News Release

Chimpanzee lethal aggression a result of adaptation rather than human impacts

Peer-Reviewed Publication

Arizona State University

Ian Gilby in the Field with Chimpanzees

image: This image depicts Ian Gilby in the field with chimpanzees. view more 

Credit: Ian Gilby

In the 1970s, Jane Goodall's reports of chimpanzee violence caught the attention of a global audience. Since then, many people have compared chimpanzee intergroup aggression to primitive warfare and have argued that chimpanzee violence is an adaptive strategy that gives the perpetrators an edge. Others have argued that lethal aggression is the consequence of human activities such as provisioning (artificial feeding) by researchers or habitat destruction. A new study of the pattern of intergroup aggression in chimpanzees and their close relatives, bonobos (also called pygmy chimpanzees), finds that human impact isn't the culprit.

"This study debunks the idea that lethal aggression among wild chimpanzees is an aberrant behavior caused by human disturbances, like artificial feeding or habitat loss," says ASU anthropologist Ian Gilby. Gilby is codirector of the long-term Gombe chimpanzee database for the Jane Goodall Institute Research Center and a coauthor on the results published in the journal Nature on September 18.

The research project compiled data collected over five decades from 18 chimpanzee (Pan troglodytes) and four bonobo (Pan paniscus) communities.

This study represents the first effort to test the human impact versus adaptive strategies hypothesis, which views killing as an evolved tactic to increase access to territory, food, mates or other benefits. Analysis of 152 lethal attacks finds that it is clear that lethal aggression directed toward members of other groups is part of the natural behavioral repertoire of chimpanzees—sometimes chimpanzees kill each other, regardless of human impact. However, bonobos were not observed to kill other bonobos, whatever the level of human impact.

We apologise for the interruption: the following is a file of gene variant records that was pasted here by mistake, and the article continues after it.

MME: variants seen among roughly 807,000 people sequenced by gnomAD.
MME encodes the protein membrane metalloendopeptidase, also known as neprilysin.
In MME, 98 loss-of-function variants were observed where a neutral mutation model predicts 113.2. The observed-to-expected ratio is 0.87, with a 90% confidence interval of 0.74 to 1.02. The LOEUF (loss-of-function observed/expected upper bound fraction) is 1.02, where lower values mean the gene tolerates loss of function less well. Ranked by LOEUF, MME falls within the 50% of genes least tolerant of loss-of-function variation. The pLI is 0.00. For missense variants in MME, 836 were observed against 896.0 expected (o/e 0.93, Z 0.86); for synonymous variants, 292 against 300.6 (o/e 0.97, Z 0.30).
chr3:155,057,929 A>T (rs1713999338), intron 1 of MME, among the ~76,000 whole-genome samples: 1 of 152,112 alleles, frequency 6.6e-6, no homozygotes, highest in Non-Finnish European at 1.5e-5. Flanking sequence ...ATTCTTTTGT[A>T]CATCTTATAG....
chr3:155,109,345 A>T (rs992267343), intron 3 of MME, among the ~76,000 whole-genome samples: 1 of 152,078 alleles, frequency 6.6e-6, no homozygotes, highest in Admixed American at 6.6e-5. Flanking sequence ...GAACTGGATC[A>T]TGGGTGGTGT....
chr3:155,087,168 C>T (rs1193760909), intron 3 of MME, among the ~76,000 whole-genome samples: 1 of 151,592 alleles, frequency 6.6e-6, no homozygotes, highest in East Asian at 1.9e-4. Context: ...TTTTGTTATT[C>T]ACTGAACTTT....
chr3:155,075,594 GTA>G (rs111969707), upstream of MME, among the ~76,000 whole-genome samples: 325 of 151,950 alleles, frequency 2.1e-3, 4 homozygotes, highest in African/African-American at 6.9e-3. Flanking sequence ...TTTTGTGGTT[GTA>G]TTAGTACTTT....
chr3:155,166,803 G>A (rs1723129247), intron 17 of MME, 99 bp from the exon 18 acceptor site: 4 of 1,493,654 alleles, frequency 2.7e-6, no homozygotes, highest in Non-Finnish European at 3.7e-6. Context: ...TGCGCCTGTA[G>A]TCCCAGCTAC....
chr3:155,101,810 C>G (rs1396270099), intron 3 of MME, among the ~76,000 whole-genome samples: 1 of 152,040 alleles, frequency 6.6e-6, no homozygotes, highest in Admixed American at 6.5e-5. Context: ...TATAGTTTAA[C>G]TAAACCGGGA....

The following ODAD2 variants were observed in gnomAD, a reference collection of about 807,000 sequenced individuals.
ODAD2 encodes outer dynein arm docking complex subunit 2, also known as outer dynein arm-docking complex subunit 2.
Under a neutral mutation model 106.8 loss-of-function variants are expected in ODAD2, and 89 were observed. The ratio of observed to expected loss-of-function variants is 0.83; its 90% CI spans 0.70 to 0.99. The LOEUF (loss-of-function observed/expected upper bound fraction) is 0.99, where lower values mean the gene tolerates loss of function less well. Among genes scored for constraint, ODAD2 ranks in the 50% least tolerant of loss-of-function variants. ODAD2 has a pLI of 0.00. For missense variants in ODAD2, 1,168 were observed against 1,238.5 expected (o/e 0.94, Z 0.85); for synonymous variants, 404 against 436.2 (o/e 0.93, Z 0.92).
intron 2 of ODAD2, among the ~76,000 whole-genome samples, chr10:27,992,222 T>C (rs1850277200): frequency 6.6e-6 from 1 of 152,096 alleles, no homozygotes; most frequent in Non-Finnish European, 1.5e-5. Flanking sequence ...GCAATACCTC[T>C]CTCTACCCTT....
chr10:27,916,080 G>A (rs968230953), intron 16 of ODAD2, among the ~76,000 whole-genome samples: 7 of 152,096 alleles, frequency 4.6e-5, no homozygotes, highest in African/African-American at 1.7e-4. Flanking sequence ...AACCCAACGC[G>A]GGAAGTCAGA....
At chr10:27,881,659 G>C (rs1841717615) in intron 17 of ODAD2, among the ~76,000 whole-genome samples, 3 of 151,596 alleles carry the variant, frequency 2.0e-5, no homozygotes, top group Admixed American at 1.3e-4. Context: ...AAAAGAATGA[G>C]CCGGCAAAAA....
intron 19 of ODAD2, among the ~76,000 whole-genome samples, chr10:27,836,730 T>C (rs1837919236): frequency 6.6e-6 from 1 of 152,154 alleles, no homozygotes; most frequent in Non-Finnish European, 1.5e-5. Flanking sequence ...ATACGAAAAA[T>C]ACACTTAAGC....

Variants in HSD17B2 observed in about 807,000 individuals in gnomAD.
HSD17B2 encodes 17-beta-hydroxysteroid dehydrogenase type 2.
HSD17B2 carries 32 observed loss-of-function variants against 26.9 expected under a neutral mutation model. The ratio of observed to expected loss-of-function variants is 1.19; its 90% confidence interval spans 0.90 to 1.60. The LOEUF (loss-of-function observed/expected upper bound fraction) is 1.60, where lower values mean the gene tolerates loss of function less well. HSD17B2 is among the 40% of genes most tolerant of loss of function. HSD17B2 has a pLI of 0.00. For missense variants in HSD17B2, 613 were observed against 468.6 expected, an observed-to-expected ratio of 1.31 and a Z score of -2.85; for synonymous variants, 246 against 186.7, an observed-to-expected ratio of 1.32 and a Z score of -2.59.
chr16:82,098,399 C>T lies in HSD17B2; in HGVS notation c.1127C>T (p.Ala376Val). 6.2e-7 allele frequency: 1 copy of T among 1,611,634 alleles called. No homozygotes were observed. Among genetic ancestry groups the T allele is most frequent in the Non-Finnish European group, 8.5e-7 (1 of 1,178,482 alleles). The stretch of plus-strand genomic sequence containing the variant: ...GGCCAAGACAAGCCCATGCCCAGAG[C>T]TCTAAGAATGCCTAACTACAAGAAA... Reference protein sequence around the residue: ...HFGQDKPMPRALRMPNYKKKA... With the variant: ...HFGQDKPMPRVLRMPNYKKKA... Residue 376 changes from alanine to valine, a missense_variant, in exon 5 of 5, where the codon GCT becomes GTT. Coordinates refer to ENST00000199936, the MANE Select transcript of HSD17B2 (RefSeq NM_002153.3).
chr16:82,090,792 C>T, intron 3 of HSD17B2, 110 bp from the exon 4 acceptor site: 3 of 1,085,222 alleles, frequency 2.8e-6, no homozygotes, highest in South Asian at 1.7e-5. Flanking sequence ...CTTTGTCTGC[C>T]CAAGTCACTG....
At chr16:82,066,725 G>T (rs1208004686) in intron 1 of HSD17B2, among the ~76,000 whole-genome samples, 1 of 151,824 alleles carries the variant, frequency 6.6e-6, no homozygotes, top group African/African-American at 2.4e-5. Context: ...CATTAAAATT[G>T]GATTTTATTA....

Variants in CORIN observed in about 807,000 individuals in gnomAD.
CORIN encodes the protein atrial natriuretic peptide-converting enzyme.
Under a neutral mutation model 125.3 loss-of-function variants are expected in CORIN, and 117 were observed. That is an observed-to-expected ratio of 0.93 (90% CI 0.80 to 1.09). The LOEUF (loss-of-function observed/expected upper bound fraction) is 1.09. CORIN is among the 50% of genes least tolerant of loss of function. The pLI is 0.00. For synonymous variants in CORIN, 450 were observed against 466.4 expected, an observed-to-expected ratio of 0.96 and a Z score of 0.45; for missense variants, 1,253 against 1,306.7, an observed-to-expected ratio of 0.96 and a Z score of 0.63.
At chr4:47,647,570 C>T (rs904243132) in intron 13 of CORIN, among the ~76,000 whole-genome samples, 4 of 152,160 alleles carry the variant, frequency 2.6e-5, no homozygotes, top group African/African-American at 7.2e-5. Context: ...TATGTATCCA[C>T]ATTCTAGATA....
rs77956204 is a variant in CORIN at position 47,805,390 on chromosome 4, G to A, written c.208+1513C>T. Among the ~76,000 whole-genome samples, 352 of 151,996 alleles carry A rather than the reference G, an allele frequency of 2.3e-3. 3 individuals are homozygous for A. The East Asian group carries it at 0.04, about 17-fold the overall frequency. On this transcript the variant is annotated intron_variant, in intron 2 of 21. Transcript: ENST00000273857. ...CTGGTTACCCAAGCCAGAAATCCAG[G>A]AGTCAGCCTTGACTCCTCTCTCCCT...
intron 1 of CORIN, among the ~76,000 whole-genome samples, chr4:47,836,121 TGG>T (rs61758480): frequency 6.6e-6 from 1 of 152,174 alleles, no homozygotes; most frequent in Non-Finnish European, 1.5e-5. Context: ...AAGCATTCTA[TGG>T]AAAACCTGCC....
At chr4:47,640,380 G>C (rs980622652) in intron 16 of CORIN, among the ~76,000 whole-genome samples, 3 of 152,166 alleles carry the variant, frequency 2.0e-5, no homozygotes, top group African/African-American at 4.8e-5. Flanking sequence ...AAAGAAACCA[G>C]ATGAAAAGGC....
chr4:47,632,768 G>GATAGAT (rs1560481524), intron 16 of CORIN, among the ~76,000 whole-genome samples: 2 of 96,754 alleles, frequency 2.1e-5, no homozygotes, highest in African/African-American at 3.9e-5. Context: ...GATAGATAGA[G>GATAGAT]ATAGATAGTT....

"Gombe is longest running of wild chimpanzee study sites," says Gilby, "and is critically important for addressing questions about the impact of 'provisioning.'" The practice of provisioning was discontinued at Gombe many years ago due to risk of infecting chimpanzees with human diseases.

Concurrent with the published study in Nature, Joan Silk, an ASU scientist who studies primate behavioral ecology, evolution and sociality, wrote a companion piece, "The evolutionary roots of lethal conflict" for the publication's "News and Views" column. In it, Silk points out that the debates about the origins and prevalence of human warfare may be echoed in the search for the answer to chimpanzee adaptation versus human disturbance question. In the article, she says that "perceptions of behavior of primates, particularly chimpanzees, are often distorted" so that "morally desirable features, such as empathy and altruism, have deep evolutionary roots, whereas undesirable features, such as group-level violence and sexual coercion, do not."

The data, however, she says, show that "there are some circumstances in which the benefits of lethal aggression exceed the costs for chimpanzees, nothing more. Humans are not destined to be warlike because chimpanzees sometimes kill their neighbors."


Gilby, an assistant professor in ASU's School of Human Evolution and Social Change, studies chimpanzee behavioral ecology at Gombe, focusing on male cooperation and social bonds. Silk is a professor in the School of Human Evolution and Social Change. Both Gilby and Silk are research affiliates with ASU's Institute of Human Origins.

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